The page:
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Investments led by Latinos created over 50,000 jobs last year Nolte

NEW YORK CITY - Investments from Latino-led venture capital firms contributed to the creation of more than 50,000 jobs last year, Axios reports.

The data comes from a recently published study by SomosVC, a non-profit organization that focuses on Latino venture capital investors. The study looked at a database of active Latino investment professionals at U.S. venture capital firms with a fund size of at least $5 million.

Figures showed that these Latino-led firms helped create approximately 51,600 jobs in 2023. But despite these gains, representation still remains a top concern for researchers.

According to the analysis, Latino investors represent only 1.6% of investment professionals at venture firms with about $100 million in assets.

Similarly, the majority (almost 80%) of funds over $100 million in assets have zero Latino investors. Although this represents some progress compared to years prior, most funds have yet to add Latino representation to their teams, according to SomosVC.

At the same time, out of more than 560 large firms analyzed in the report, only 26 employ more than one Latino investor.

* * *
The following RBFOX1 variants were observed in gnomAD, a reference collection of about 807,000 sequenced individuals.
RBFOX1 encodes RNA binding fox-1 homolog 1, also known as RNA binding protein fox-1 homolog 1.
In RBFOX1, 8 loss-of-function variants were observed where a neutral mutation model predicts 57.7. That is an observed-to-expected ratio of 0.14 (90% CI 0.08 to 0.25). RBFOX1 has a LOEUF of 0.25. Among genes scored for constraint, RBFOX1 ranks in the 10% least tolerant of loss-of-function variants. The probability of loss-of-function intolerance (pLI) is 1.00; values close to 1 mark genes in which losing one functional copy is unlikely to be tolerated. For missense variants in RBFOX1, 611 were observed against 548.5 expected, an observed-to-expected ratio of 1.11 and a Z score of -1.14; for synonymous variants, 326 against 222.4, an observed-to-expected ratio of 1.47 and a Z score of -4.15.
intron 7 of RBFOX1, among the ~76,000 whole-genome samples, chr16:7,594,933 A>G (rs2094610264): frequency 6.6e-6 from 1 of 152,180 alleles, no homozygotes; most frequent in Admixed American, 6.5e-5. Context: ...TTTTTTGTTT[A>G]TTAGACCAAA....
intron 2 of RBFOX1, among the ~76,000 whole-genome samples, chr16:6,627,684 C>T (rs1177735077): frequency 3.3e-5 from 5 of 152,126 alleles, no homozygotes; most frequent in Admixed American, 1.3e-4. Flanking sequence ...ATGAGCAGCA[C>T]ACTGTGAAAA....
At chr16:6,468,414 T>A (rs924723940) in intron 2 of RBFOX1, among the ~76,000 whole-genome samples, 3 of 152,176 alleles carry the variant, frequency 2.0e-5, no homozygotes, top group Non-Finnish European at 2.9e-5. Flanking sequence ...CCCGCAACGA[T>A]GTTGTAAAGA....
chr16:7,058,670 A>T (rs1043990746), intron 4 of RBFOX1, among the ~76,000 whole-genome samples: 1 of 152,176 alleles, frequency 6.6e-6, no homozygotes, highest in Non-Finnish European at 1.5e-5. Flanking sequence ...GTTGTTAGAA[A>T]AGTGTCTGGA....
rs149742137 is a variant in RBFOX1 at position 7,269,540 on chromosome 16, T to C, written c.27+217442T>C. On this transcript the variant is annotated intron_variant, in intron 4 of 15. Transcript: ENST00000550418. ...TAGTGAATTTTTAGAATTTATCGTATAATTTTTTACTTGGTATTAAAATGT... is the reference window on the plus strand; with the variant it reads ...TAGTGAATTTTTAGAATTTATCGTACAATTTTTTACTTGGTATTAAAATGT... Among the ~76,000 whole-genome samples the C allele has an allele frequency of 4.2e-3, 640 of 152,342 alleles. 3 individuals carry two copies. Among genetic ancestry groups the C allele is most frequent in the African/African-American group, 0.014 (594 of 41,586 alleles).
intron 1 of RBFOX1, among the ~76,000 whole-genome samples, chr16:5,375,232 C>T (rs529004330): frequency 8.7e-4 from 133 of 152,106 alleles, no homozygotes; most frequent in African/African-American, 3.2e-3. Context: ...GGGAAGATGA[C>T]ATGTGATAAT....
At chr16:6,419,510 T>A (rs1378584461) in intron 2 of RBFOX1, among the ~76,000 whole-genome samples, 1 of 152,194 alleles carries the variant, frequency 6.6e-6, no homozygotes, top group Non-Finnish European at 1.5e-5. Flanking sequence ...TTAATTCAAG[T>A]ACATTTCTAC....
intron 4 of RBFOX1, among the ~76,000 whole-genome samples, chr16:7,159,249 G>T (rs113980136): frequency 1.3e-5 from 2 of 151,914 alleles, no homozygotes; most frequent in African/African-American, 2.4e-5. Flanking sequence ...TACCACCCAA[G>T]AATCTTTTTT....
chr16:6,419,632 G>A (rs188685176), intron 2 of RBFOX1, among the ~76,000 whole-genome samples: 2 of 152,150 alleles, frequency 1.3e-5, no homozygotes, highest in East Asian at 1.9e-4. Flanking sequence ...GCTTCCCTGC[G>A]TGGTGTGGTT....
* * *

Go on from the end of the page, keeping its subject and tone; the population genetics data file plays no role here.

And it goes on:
The organization argues that the job creation estimate speaks to the Latino community's impact despite its low VC representation.

Latinos are blazing trails, says Mariela Salas, the executive director of SomosVC, because diverse investors are more likely to support founders and start-ups from underrepresented communities.

"Part of our community's entrepreneurial spirit comes from having a different lens, making us open to exploring paths and exploring opportunities that would otherwise be overlooked," Salas says.

As a remedy for these low representation levels, groups like SomosVC have fellowships to increase the demographic's presence in the tech industry and mentorships to foster retention.

"Ultimately what we want to do is increase the assets under management for everyone," Salas says, referring to hopes of making the 1.6% figure grow."

This report comes as another side of the job market, namely small businesses, have become a hub for Latino employment and entrepreneurial activities.

A recent report by The Wall Street Journal showed that Latin American immigrants are starting businesses at more than twice the rate of the U.S. population as a whole.

The jump in Latino entrepreneurship levels has driven up the overall share of new businesses owned by immigrants, who accounted for 36% of launches last year compared with 25% in 2019, the report showed. By comparison, new business creation by white and native-born Americans has slowed in the past two years, following a broad surge early in the pandemic.

In some cases, entrepreneurship is an outstanding option for immigrants, particularly undocumented ones, since it doesn't require work authorization or a Social Security number. For others, it's a matter of necessity, as limited proficiency in English and lack of American credentials can make it increasingly difficult to find a job.

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